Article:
The William Miles arrived at Holbart, Tasmania on the 29th July. During the voyage John became unwell with rheumatism and took a month to recover according to the daily sick book of convicts kept for the William Miles by Johnson the surgeon. He was discharge fit on the 2 August. 7 of his fellow prisoners had died during the voyage.

Woolliscroft Tasmania

John’s behaviour was not exemplary after his arrival in Tasmania and appeared in court for several misdemeanours. On the 12 July 1831 he was appointed to the Field Police. In 1832 was fined for being drunk causing him to be unable to carry out his duties. As a consequence he had to wait an extra three months before receiving his conditional pardon. On two other occasions it was recommended that he was relieved from his post in the Field Police. One of these occasions absent for  7 days on a trip to Holbart. On the other occasion he did not stop a prisoner from escaping because of drunkenness. His conditional pardon was granted on the 6 January 1841. In 1845 he sought permission to marry and married Mary Downes on the 12 December 1845. Mary died in 1847 and at the time she was described as a wife of a “peasant”. John died in Hobart General Hospital in 1869.

John’s conduct records and description can be viewed online from the Tasmanian Archives

John’s conduct record states he was from “Cheadle Common - twice in prison Stafford Goal for stealing game once for 6 months. 3 and all ? at Croxted (Croxden), Staffordshire. Keeps a Public house and farm the Green Man. I lived with my mother. I had left home about 3 months”. The description book states he was from Dillon(Dilhorne), Staffordshire.

I have not found any evidence in England to confirm John lived at The Green Man in Croxden. However, in 1834 John’s stepfather Thomas Swetnam was the publican at The Green Man in Croxden, Staffordshire. (Whites History, Gazetteer & Directory of Staffordshire, 1834). In 1851 when Thomas Swetnam wrote his will he was the landlord of The Green Man in Croxton parish. The Green Man and the associated farm passed to his son Lewis Swetnam. Lewis had married his step-sister Ann Woolliscroft in 1826. Lewis and Ann were living at The Green Man in 1851 with their young family and Ann’s brother George Woolliscroft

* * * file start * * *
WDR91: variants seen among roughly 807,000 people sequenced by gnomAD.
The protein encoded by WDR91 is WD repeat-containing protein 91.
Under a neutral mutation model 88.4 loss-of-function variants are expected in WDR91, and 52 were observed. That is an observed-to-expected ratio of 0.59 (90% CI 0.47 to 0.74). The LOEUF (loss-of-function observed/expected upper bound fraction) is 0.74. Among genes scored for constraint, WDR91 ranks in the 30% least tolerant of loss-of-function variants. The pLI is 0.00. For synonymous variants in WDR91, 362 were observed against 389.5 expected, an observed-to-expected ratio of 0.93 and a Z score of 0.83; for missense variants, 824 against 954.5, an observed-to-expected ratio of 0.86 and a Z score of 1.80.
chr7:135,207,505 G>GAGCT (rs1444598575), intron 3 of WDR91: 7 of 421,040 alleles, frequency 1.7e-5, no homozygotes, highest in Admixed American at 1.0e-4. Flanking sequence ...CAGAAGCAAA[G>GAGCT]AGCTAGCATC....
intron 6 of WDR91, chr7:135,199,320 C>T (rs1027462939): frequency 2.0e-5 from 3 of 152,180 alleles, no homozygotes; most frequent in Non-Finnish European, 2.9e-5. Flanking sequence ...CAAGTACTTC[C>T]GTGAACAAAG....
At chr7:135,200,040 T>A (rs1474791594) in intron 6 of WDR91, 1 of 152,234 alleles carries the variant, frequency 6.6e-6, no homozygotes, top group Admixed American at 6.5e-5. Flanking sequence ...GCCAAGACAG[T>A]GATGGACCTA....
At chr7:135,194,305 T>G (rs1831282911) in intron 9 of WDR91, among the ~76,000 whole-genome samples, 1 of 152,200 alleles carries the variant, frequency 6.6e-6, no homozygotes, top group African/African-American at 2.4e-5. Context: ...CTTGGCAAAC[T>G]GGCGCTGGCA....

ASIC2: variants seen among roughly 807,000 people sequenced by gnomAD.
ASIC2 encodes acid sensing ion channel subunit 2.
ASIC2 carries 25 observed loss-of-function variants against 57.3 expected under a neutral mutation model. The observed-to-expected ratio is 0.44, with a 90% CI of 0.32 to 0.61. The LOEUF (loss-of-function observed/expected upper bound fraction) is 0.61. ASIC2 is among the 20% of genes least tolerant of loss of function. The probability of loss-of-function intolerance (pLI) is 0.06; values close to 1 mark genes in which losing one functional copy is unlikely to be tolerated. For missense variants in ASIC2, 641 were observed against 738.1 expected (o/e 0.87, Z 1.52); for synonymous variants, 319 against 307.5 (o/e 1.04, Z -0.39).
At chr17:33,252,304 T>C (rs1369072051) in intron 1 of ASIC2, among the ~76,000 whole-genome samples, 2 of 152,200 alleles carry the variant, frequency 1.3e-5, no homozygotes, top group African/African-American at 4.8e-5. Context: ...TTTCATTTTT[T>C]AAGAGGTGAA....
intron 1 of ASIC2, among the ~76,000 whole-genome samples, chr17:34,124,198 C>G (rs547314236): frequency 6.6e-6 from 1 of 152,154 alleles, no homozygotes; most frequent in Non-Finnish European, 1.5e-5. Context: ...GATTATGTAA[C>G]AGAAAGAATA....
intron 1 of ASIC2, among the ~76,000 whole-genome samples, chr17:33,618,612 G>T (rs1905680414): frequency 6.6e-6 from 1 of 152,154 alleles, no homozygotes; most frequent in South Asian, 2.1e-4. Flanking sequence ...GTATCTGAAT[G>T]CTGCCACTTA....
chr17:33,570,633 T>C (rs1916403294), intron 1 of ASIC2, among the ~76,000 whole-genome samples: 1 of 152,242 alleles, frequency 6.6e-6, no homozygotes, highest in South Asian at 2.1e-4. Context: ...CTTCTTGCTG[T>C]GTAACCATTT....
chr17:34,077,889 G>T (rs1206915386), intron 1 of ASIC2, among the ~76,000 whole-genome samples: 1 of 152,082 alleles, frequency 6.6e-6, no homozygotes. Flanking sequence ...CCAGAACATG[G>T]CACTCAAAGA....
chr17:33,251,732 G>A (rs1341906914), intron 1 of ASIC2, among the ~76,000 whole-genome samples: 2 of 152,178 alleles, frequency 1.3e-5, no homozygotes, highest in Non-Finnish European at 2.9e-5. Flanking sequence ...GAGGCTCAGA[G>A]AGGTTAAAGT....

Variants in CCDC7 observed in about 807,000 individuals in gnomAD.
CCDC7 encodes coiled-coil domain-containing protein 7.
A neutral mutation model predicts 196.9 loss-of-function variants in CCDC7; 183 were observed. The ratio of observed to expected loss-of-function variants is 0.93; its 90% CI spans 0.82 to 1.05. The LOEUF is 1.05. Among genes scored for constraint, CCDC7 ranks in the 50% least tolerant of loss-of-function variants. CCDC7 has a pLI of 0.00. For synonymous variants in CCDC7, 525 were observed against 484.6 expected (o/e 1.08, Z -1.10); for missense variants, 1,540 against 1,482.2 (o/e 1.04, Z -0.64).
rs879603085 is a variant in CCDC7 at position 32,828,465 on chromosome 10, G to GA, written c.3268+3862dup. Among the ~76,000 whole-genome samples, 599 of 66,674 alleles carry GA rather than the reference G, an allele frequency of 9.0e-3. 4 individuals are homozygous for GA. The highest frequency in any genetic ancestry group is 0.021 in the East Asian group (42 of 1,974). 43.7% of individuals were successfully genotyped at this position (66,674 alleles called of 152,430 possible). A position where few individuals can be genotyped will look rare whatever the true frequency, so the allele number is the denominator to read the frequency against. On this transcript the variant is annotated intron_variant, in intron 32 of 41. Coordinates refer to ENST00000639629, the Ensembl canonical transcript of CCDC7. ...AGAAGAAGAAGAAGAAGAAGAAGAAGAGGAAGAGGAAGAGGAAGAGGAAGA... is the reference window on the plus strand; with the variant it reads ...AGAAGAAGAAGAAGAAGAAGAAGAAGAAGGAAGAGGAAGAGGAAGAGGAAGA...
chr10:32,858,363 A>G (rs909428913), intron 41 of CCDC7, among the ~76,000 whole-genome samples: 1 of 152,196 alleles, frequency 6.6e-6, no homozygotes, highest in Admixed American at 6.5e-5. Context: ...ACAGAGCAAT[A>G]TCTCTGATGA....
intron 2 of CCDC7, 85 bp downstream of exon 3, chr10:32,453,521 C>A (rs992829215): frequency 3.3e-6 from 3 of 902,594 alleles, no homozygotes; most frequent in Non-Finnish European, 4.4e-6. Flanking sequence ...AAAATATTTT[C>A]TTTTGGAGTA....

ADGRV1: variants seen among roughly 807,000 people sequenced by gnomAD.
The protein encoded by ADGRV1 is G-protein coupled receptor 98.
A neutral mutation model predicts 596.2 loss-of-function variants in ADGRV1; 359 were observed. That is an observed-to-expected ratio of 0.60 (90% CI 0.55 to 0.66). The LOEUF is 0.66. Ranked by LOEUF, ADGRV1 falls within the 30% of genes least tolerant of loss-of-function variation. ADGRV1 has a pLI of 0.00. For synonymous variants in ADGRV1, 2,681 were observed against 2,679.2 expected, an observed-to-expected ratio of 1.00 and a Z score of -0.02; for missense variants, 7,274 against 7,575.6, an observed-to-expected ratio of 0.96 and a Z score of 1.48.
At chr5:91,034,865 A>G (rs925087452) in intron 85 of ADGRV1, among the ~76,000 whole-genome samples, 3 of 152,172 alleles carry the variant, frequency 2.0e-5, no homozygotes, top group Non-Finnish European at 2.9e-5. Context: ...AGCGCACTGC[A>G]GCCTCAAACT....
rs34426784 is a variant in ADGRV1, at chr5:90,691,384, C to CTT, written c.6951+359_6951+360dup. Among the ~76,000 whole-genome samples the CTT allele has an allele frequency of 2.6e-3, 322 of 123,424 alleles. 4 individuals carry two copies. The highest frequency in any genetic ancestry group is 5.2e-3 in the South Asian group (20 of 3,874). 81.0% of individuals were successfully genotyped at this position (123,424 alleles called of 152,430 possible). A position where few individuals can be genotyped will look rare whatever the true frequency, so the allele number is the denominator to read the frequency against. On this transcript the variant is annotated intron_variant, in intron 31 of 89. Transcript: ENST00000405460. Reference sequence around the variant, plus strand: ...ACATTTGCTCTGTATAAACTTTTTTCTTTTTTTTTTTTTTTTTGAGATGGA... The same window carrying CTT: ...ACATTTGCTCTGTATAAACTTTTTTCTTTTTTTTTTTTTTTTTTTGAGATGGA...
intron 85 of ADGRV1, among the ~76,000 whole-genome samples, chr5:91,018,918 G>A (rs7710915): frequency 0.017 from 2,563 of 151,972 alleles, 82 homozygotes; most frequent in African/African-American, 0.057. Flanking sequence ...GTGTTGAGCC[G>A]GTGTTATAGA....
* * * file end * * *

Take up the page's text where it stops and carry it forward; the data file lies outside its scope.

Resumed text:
A search of Ordinance Survey maps for the area between 1881 and 1955 from old-maps.co.uk show The Green Man Inn at Threapwood Head, on the B5032 at the junction with Sandy Lane. In 1964 when it was redeveloped and the name changed to “The Highwayman”. The Inn a listed building and is currently being redeveloped into cottages to be known as “Cuthbert’s Cottages”. 

After John was exiled his wife Sarah went to work as housekeeper for William Charles of Abbots Bromley, Staffordshire.  More information on Sarah Woolliscroft nee Wright

I have found only one possible child for the couple, Mary Woolliscroft, who was christened at Checkley, Staffordshire in 1824. In 1841 Mary was a servant living in Hamstall Ridware, Staffordshire. She had moved to Liverpool, Lancashire by 1851 where she married mariner, William Alexander Mason. At the marriage Mary said she was the daughter of John Woolliscroft a farmer.